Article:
Abstract Express, Pop, Minimalism, Land Art, Feminism

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    • Jackson Pollock, Autumn Rhythm: Number 30, oil/enamel/canvas. 1950
    • described as chaotic but Pollock saw as labyrinths that led the viewer along complex paths and into an organic calligraphic web of natural and biomorphic forms, heroic scale, action painting, became an american symbol during WWII subject matter: the acutal process of painting laying on the paint, stlye: gesture abstraction, action painting, all over painting, limited color pallette, paint soaked into canvas becomes one with the canvas not everything is just resting on top of surface
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    • Mark Rothko, Lavender and Mulberry, oil/canvas. 1959
    • color field painting, influence by European Surrealists and Jung, vary large canvas with rectangular shapes arranged in a vertical format in which he allowed his colors to bleed into one another, thought of his shapes as fundmental ideas expressed in rectangular form, preferred to show his paintings together in seris or rows and lit indirectly to evoke moods of transcendetal meditation, color has meaning, about large abstraction expressions, leaves door open for people to perseve different emotions, doesn't use blocked form lets loose to push and pull, considers self a representational painter, influenced by Turner
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    • Helen Frankenthaler, Mountains and Sea, oil/charcoal/canvas. 1952
    • influenced by Pollock, action painting, worked on floor but poured paint onto an unprimed canvas in thin washed so that the paint would soak into the fabric, described her process as starting with an aesthic question or image and evolving as the process of painting took over as a self-expressive act, poured several colors onto the canvas and outlined selected forms in charcoal, reminded her of the coast of Nova Scotia, rural subject matter, soak stain, head own mini movement with her style, demterialized imagine more so than Cezanne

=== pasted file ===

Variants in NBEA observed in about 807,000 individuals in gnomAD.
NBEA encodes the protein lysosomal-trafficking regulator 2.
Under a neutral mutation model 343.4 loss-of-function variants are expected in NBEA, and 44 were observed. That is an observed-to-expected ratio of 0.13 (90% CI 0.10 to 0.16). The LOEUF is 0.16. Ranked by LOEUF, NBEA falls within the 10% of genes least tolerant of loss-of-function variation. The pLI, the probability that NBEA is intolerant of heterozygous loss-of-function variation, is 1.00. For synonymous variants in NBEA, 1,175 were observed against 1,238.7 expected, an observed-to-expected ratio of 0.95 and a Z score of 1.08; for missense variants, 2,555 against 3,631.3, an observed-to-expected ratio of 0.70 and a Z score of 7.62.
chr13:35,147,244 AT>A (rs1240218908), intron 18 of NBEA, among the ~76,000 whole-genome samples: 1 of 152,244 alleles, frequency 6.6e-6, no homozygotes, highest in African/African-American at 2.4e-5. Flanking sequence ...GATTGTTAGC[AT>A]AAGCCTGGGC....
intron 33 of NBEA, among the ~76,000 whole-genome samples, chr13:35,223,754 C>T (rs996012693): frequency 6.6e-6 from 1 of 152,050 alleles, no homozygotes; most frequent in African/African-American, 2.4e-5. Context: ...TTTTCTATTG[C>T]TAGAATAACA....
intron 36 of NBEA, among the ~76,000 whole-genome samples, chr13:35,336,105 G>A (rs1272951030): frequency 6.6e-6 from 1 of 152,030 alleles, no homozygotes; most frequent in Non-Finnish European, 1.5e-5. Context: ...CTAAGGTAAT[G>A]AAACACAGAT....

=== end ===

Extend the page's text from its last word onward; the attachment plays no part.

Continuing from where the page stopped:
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    • Jasper Johns, Target with Four Faces, encaustic on canvas. 1955
    • both a painting and a sculpture, casting heads parodying the nonhierarchiacal manner of Abstract E, target hierachical, flatness of the painted target suggests an all over composition, makes reference to pop culture and world around Johns, purpose of inclusion unclear, emotionally cool and highly cerebal, reintroduced readly recognizable real world objects but strategically recontextualized images and objexts in order to question the form appereance content and meaning of art, image of something/representation, signs and icons, but in primary colors, action painting with readymade subject matter, with Ruaschenburg pushed art, between abstraction and pop, in abstract expressionist form
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    • Andy Warhol, Marilyn Diptych, synthetic polymer paint/silkscreen/oil/canvas, 1962
    • made after Monroe's death, used a famous publicity photograph transferred to silkscreeen, flat and bland so that her signature features stand out, diptych thus evokes religious connotations, grided images, color versus black and white, funeral monument, each image is repeated but each individualized multiple verisons of Monroe, wants to be machine like, takes pubilicity shot of Monroe ready made, interest in death and deseaster.
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    • Donald Judd, Untitled, Lacquer on Galvanized Iron. 1967
    • argued that minialism should consit of real or specific objects, mathmatically constructed shapes arranged without hierarchy which could be read as complete objects at a single glance, occupied space of real things, no base below or glass around it, 12 indentical rectangles made from galvanized iron and hung vertically, arrangement deliberately impersonal to avoid illusion of any imagined subjects, "visual facts", sets conceptual clarity and physical perfection of his art against the messy complexity of the real world, intelligectually engaged, writes alot, sent to workshop to create cubes then assembled on site at gallery, proportions to excate detail, platonic perfect forms, called work "specific objects" people have a hard time understanding but one needs to study and figure it out but it is about instant perception, phenomenology: study of being and experience to describe and experience the things themselves as they appear in the everyday world, how they change the space you entered, believes painters are dellusioned and sculpture is the way to go, Critique: that these are just illustionistic as paintings, use of industrial matters set off masculinty, actually really colorful works
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    • Robert Smithson, Spiral Jetty, rock, saly, earth, Great Salt Lake, Utah. 1970